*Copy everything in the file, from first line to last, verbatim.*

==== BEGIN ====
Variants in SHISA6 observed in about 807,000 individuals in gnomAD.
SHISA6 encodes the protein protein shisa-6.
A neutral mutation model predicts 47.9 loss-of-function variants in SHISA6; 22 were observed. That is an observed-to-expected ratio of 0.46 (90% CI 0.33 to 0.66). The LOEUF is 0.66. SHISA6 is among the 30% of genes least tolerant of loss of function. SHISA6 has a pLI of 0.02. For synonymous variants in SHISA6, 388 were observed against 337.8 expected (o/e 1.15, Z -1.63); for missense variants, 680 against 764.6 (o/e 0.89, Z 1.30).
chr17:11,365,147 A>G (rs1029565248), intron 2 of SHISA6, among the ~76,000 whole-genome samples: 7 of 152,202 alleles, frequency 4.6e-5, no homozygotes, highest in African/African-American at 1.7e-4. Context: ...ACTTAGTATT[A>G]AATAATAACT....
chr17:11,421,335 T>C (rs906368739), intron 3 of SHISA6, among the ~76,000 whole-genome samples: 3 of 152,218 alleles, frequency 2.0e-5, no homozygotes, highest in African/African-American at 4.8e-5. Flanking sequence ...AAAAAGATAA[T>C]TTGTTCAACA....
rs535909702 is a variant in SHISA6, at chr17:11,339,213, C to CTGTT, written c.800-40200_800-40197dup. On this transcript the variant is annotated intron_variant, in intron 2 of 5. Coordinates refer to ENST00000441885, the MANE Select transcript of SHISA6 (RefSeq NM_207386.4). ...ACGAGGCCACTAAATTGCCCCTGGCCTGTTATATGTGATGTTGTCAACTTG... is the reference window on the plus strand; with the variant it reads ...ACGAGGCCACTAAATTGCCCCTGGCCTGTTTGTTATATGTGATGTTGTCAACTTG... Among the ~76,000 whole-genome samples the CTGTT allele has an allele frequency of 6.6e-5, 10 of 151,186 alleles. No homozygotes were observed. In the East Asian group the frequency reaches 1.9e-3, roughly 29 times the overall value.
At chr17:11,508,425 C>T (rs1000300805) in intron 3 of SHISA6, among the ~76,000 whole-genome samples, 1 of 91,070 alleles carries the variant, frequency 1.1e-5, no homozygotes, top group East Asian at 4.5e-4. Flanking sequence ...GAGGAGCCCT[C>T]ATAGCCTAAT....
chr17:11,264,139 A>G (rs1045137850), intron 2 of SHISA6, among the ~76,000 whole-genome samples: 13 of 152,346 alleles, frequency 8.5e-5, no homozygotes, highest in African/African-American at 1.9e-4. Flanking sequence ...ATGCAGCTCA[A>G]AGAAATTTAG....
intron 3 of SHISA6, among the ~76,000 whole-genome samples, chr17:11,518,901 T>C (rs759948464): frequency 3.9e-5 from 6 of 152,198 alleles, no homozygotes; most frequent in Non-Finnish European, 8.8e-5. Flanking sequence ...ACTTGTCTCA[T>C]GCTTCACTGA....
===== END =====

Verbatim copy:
Variants in SHISA6 observed in about 807,000 individuals in gnomAD.
SHISA6 encodes the protein protein shisa-6.
A neutral mutation model predicts 47.9 loss-of-function variants in SHISA6; 22 were observed. That is an observed-to-expected ratio of 0.46 (90% CI 0.33 to 0.66). The LOEUF is 0.66. SHISA6 is among the 30% of genes least tolerant of loss of function. SHISA6 has a pLI of 0.02. For synonymous variants in SHISA6, 388 were observed against 337.8 expected (o/e 1.15, Z -1.63); for missense variants, 680 against 764.6 (o/e 0.89, Z 1.30).
chr17:11,365,147 A>G (rs1029565248), intron 2 of SHISA6, among the ~76,000 whole-genome samples: 7 of 152,202 alleles, frequency 4.6e-5, no homozygotes, highest in African/African-American at 1.7e-4. Context: ...ACTTAGTATT[A>G]AATAATAACT....
chr17:11,421,335 T>C (rs906368739), intron 3 of SHISA6, among the ~76,000 whole-genome samples: 3 of 152,218 alleles, frequency 2.0e-5, no homozygotes, highest in African/African-American at 4.8e-5. Flanking sequence ...AAAAAGATAA[T>C]TTGTTCAACA....
rs535909702 is a variant in SHISA6, at chr17:11,339,213, C to CTGTT, written c.800-40200_800-40197dup. On this transcript the variant is annotated intron_variant, in intron 2 of 5. Coordinates refer to ENST00000441885, the MANE Select transcript of SHISA6 (RefSeq NM_207386.4). ...ACGAGGCCACTAAATTGCCCCTGGCCTGTTATATGTGATGTTGTCAACTTG... is the reference window on the plus strand; with the variant it reads ...ACGAGGCCACTAAATTGCCCCTGGCCTGTTTGTTATATGTGATGTTGTCAACTTG... Among the ~76,000 whole-genome samples the CTGTT allele has an allele frequency of 6.6e-5, 10 of 151,186 alleles. No homozygotes were observed. In the East Asian group the frequency reaches 1.9e-3, roughly 29 times the overall value.
At chr17:11,508,425 C>T (rs1000300805) in intron 3 of SHISA6, among the ~76,000 whole-genome samples, 1 of 91,070 alleles carries the variant, frequency 1.1e-5, no homozygotes, top group East Asian at 4.5e-4. Flanking sequence ...GAGGAGCCCT[C>T]ATAGCCTAAT....
chr17:11,264,139 A>G (rs1045137850), intron 2 of SHISA6, among the ~76,000 whole-genome samples: 13 of 152,346 alleles, frequency 8.5e-5, no homozygotes, highest in African/African-American at 1.9e-4. Flanking sequence ...ATGCAGCTCA[A>G]AGAAATTTAG....
intron 3 of SHISA6, among the ~76,000 whole-genome samples, chr17:11,518,901 T>C (rs759948464): frequency 3.9e-5 from 6 of 152,198 alleles, no homozygotes; most frequent in Non-Finnish European, 8.8e-5. Flanking sequence ...ACTTGTCTCA[T>C]GCTTCACTGA....